In this guest post the lovely Kate Litt talks about how having “something nice” can help her through the grief of losing her Dad…
“It’s been just over a year since my Dad died.
My Dad died. It still feels so strange to say it, like I’m saying the lines from someone else’s life.
It all happened pretty quickly. Although he’d been a fairly sedentary man, he had always been relatively healthy too. I’d told him for years that he’d live in to his 80’s. I was wrong.
A few months before his 68th birthday, in November 2016, he was diagnosed with prostate cancer. Then, never one to do things by half, another more serious diagnoses of advanced lymphoma in February 2017.
After doing his very best to stay positive, follow through with all his treatment and convince us all that he could beat it, we had the devastating news in late September 2017 that there was nothing else they could do. After he’d made sure everything at home was in order, in true form, he decided he’d had enough and let go of this life.
He died on 18th October 2017 with dignity, holding the hand of my mum, the love of his life. She says he was smiling.
Ever the Flirt
Here I must declare my absolute gratitude to the NHS and the wonderful doctors and nurses at the Queen Elizabeth Hospital in Birmingham.
When they realised that he wasn’t going home, he was invited back to the ward where he had been treated for his cancer. They gave him a private room, with a bed for my mum, and he was treated beautifully by a team of nurses that had come to love him.
My Dad was a charming man and the team there had become very important to him; one nurse cried when he was admitted, he was so loved on that ward. Of course, she was young and pretty, so she had gotten extra attention from my Dad, ever the flirt! I hugged her tight and thanked her making his life, and death, so much easier.
I chose not to visit him after he died. I’d said everything I needed to say and, as pragmatic as he was, he’d have totally understood. “What’s the point, I’m already dead!”, he would have announced, with a wry smile.
We Are All Made of Stars
My Dad and I had a discussion weeks before he died, about the origin of life. Astronomer Carl Sagan famously said, “We are made of starstuff” and my Dad believed that we return to the universe, just as we had come from it.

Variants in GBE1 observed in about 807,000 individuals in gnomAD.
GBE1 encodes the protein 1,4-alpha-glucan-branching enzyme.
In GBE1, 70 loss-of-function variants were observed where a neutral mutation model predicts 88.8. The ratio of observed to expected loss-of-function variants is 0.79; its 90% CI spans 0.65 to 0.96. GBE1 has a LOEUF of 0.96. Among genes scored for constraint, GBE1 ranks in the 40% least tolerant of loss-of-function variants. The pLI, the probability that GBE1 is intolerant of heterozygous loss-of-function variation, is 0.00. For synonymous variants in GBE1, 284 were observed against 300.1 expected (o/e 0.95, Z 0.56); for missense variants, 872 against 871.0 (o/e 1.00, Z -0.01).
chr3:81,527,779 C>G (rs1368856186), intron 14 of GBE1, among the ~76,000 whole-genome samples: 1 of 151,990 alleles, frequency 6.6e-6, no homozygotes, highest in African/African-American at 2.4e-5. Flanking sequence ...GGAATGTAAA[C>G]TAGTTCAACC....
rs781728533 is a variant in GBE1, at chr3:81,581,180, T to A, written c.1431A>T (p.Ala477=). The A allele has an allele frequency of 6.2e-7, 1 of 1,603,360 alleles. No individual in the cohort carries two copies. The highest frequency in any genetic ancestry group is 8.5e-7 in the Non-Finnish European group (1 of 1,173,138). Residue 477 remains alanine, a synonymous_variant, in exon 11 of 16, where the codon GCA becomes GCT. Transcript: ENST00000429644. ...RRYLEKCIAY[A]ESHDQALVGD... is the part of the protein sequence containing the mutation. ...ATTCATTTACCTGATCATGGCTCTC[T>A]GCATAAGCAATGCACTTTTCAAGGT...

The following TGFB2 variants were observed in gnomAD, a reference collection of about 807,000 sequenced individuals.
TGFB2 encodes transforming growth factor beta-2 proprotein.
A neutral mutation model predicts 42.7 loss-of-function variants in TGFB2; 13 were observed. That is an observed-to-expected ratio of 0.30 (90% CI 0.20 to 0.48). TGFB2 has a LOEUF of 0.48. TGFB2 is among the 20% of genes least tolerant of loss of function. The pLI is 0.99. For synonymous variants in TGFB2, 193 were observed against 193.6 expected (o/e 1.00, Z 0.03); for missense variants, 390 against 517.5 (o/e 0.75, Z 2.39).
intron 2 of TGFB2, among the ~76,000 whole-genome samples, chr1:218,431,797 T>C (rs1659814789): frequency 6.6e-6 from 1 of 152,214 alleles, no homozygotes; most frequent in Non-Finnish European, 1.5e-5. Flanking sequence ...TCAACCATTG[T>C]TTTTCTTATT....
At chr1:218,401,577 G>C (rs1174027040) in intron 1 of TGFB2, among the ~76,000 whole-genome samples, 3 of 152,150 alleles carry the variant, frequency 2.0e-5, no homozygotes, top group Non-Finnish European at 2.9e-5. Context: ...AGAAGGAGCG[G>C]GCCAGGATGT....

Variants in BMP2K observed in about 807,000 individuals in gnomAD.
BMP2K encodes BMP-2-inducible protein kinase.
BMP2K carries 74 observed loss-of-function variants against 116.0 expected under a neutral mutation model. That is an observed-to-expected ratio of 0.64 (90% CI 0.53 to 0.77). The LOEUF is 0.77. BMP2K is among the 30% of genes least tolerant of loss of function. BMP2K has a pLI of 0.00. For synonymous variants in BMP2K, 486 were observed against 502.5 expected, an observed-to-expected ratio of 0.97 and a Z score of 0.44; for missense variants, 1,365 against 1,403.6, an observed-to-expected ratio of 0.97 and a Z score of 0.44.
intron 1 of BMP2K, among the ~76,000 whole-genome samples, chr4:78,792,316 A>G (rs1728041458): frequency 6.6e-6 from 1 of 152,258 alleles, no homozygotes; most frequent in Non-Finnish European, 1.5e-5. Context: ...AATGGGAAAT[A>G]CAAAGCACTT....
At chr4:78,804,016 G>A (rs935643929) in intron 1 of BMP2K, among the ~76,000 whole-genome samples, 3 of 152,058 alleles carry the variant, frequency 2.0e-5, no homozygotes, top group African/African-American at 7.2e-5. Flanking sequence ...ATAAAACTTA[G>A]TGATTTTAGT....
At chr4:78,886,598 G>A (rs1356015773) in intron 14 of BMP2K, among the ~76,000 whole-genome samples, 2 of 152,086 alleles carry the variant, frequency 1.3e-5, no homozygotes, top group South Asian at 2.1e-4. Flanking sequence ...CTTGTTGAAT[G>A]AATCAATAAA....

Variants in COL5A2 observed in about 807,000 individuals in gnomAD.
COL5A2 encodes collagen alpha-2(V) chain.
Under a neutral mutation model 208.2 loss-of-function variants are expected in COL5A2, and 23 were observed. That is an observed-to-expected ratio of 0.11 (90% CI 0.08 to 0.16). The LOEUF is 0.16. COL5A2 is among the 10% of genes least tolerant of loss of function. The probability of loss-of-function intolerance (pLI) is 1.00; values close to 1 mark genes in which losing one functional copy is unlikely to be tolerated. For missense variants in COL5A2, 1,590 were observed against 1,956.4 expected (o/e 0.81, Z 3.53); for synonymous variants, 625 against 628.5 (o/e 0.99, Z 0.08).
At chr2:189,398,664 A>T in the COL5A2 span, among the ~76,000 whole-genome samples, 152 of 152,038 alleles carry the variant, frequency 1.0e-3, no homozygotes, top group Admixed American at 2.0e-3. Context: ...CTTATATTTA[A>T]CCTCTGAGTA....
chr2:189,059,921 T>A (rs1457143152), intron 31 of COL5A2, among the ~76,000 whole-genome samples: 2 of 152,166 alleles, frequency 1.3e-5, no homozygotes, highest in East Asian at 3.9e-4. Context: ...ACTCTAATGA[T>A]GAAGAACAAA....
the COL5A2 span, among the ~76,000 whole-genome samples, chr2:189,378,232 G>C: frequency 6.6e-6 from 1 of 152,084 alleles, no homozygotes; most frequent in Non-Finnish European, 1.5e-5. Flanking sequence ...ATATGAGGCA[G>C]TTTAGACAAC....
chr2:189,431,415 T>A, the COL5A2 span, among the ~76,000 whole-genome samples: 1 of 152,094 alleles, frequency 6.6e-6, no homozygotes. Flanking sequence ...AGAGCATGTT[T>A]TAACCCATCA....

To help them to deal with the news, I told my two children that their Grandad has become a star. Often, we say goodnight to him up there. He rewards us with easy to find parking spots, his favourite songs on the radio and motivation to do our best for him.
The weeks following his death are still a sort of blur. Of course, I clearly remember the first few moments of shear pain, and then the frequent moments of despair. Waking up in a panic attack. Feeling like my world was ending. Crying so hard I could hardly breathe. My partner holding me when it was needed. My children snapping me out of it, with their ordinary requests for juice and their silly jokes.
What I allowed myself more than ever during that time (and still do, as I continue to grieve) was to be distracted by what I call ‘something nice’. For me, that’s playing my favourite songs, watching my favourite films and eating my favourite food. For you, that might be a bubble bath, a face mask or a glass of wine. Whatever your ‘something nice’, it’s all about self-care.
I knew that I had to allow my feelings to come, which I did, but there were times that I couldn’t face another night of tears, and times when crying just wasn’t convenient at that moment (it’s hard to get the right type of chicken nuggets when you’re trying to read the label through tears…).
At those times I was grateful for the small gifts that my partner and my kids brought me. Simple things, but just enough to take me away from that pain. Life had to go on. “Just get on with it, Kate!”, my Dad would have said. So, I did.
Moments of Distraction
Of course, I wasn’t the only one struggling. For Christmas that year, I created a hamper for my mum; a huge crate, full of deliciousness, for her to dip into whenever she needed ‘something nice’. She loved it, and I know it helped to give her something else to focus on, just for a moment.
It’s easy to experience guilt for feeling pleasure during the grieving process, but as someone who is slowly coming through the worst period of it, I can tell you that those little moments of distraction were invaluable to me.
So, if you know someone who is grieving, please don’t think that getting them ‘something nice’ is meaningless in all their pain. I promise you, it will make things easier for them. Even if it’s just for a moment.
Kate Litt is a freelance WordPress and Digital Marketing Consultant and home educating mum of two. She specialises in in working with women who have experienced a major shift in their life, discovered their passion and are determined to turn that passion into a viable business. She writes about technology, marketing and managing to keep things afloat as a self-employed home educator at KateLitt.com/blog-posts.